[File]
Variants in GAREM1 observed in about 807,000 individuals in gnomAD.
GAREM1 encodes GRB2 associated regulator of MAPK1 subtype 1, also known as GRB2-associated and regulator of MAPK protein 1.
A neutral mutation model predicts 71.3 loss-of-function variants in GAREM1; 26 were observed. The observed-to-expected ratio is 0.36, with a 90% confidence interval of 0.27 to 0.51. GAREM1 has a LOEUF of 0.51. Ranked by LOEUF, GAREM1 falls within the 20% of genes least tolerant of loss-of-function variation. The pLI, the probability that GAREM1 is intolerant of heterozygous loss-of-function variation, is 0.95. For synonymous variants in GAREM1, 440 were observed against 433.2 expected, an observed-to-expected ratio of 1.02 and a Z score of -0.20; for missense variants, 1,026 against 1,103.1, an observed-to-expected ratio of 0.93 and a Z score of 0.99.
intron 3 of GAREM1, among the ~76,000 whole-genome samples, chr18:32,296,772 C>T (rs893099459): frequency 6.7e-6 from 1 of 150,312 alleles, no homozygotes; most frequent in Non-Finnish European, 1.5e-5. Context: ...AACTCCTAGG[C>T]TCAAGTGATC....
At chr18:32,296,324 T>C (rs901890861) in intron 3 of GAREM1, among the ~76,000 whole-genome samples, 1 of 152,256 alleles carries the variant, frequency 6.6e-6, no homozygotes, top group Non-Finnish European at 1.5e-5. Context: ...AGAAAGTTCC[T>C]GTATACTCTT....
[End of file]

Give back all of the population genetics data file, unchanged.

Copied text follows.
Variants in GAREM1 observed in about 807,000 individuals in gnomAD.
GAREM1 encodes GRB2 associated regulator of MAPK1 subtype 1, also known as GRB2-associated and regulator of MAPK protein 1.
A neutral mutation model predicts 71.3 loss-of-function variants in GAREM1; 26 were observed. The observed-to-expected ratio is 0.36, with a 90% confidence interval of 0.27 to 0.51. GAREM1 has a LOEUF of 0.51. Ranked by LOEUF, GAREM1 falls within the 20% of genes least tolerant of loss-of-function variation. The pLI, the probability that GAREM1 is intolerant of heterozygous loss-of-function variation, is 0.95. For synonymous variants in GAREM1, 440 were observed against 433.2 expected, an observed-to-expected ratio of 1.02 and a Z score of -0.20; for missense variants, 1,026 against 1,103.1, an observed-to-expected ratio of 0.93 and a Z score of 0.99.
intron 3 of GAREM1, among the ~76,000 whole-genome samples, chr18:32,296,772 C>T (rs893099459): frequency 6.7e-6 from 1 of 150,312 alleles, no homozygotes; most frequent in Non-Finnish European, 1.5e-5. Context: ...AACTCCTAGG[C>T]TCAAGTGATC....
At chr18:32,296,324 T>C (rs901890861) in intron 3 of GAREM1, among the ~76,000 whole-genome samples, 1 of 152,256 alleles carries the variant, frequency 6.6e-6, no homozygotes, top group Non-Finnish European at 1.5e-5. Context: ...AGAAAGTTCC[T>C]GTATACTCTT....